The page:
Sattras are one of the unique features of Vaishnavism in Assam. Sattras in Assam are basically monasteries which were established to propagate neo-Vaishnavism. In 15th century, the first Sattra was founded in Majuli in Assam. Garmur Satra is a large village located in Majuli of Jorhat district, Assam with total 524 families residing.  It is considered a prominent holy site and was established in the year 1656 AD by Jayaharideva. The tourists visiting Majuli Island should enter this bamboo hall of masks. Myriad kinds of masks basically on Hindu mythological characters like Narashingha, Hanuman, Ravana, Rama and many more are displayed. 

The king, however, did not grant their appeal. He, instead, patronised Lakshminarayana by placing him as the head of a newly built Satra which came to be known as the Garmur Satra in which a new idol known as Vamsigopala or Vamsivadana was installed. The ambience is solemn, much like that of an ashram-a monastery. Bamshi Gopal Dev, the chief preacher of the Vaishnava cult in eastern Assam, is the guiding spirit for the way of life for the pontiffs and the apostolate of Garmur Sattra.  Raasleela is performed with great zeal and enthusiasm during autumn. Majuli is known the world over in academic circles for the Sattras which have preserved Vaisnavite culture. Sankardeva gave classical songs, dances and dramas and a philosophy to the common people over five hundred years ago; a visit to the Sattras, especially on festival days like Janmashtami or Rasa will inform any tourist that Sattriya culture is an inexhaustible source of joy. The dances are colourful and spectacular and they can be unfailing sources of delight as well as subjects for research and investigation. Sattriya culture developed mainly at Majuli, Bardowa, Barpeta and Madhupur.  This Vaishnavite site in Majuli houses many ancient articles and artifacts which help people in getting a deeper insight to the religious beliefs of the people here. Locals show the eternal love story Lord Krishna and Radha. There are many more festivals that are celebrated on this island. They have the Ali-ai-ligang, which symbolizes the beginning of the paddy sowing season. Then there is the tribal festival called the Bathow puja,this is to worship Lord Shiva. As the autumn comes to an end, people here have a huge fair called the Paal Naam which takes place in the Auniati Satra. This is where the famous Apsara dance is performed.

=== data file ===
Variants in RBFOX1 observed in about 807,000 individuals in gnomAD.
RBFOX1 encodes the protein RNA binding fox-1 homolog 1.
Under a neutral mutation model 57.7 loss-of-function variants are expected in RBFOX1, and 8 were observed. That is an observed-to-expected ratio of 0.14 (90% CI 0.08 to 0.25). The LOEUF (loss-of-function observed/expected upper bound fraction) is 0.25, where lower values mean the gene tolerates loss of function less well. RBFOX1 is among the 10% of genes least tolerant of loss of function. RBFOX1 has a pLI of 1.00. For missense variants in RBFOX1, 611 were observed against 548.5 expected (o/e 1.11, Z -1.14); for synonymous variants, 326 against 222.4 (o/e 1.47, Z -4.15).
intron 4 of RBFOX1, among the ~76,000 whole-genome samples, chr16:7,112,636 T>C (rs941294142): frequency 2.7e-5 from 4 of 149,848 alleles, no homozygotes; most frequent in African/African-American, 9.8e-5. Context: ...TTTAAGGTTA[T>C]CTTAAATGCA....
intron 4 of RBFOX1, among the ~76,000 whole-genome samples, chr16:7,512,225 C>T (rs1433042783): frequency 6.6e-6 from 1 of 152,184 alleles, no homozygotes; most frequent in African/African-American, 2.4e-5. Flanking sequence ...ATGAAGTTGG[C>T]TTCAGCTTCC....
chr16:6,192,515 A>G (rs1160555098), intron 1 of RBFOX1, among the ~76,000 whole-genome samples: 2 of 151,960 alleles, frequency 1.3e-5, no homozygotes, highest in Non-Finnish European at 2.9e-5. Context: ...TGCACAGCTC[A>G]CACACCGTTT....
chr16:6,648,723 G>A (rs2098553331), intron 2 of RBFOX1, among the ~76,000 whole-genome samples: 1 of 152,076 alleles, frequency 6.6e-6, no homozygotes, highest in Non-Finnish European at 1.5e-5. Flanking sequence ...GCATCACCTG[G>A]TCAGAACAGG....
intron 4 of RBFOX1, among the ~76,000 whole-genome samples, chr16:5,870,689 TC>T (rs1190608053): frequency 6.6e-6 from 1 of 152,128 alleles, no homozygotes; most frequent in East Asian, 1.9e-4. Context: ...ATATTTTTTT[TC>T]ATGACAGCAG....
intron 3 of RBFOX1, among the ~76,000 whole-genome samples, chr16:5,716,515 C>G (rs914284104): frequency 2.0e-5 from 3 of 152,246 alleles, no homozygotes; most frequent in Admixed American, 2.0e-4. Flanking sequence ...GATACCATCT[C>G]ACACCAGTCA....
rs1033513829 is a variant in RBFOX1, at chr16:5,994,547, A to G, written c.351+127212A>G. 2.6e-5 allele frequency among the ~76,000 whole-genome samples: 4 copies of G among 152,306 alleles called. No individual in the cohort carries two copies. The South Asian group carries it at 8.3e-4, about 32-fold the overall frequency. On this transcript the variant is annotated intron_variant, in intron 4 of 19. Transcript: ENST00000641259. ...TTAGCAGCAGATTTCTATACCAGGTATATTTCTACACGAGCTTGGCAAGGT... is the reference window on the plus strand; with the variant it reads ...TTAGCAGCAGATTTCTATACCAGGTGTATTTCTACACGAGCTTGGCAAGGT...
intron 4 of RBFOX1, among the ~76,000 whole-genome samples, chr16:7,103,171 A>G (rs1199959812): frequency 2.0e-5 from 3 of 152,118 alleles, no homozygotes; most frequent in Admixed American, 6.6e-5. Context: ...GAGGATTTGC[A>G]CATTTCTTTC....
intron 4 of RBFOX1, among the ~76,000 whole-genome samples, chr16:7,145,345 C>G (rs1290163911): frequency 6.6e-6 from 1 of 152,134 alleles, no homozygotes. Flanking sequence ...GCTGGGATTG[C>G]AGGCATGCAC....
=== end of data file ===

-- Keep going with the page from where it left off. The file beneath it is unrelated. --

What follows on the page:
The structure of bamboo made room also attracts the tourists experiencing the mask making process and artists’ creativity. So it is an add-on attraction for the globetrotters visiting Assam. There were two Garmurs before—the great and the little Garmur. Though both of them were located side by side, they had independent identities. While theBor Garmur (the great one) was following the celibate order, the little Garmur allowed marriages. Only during the 20th century, the two Garmur sattras merged into one. The satra is maintained in a clean and tidy manner and the solitude of the place imparts peace to one’s mind and soul. The satra houses many valuable possessions like utensils made of silver and ivory, wheels for elephant carts, sculptures of Umber and many other ancient literary manuscripts.

On your visit here, you must try the local food. A typical Assamese cuisine includes Khar, Tenga, Laksa and different variety of rice. Locals also say that you must have the Saul cereal and the pitha. Majuli is very well connected by waterways and roadways. The tourists can take a ferry to reach the Garmur Satra and also avail taxis or buses which carry people to this location.

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Posted in: Assam, India

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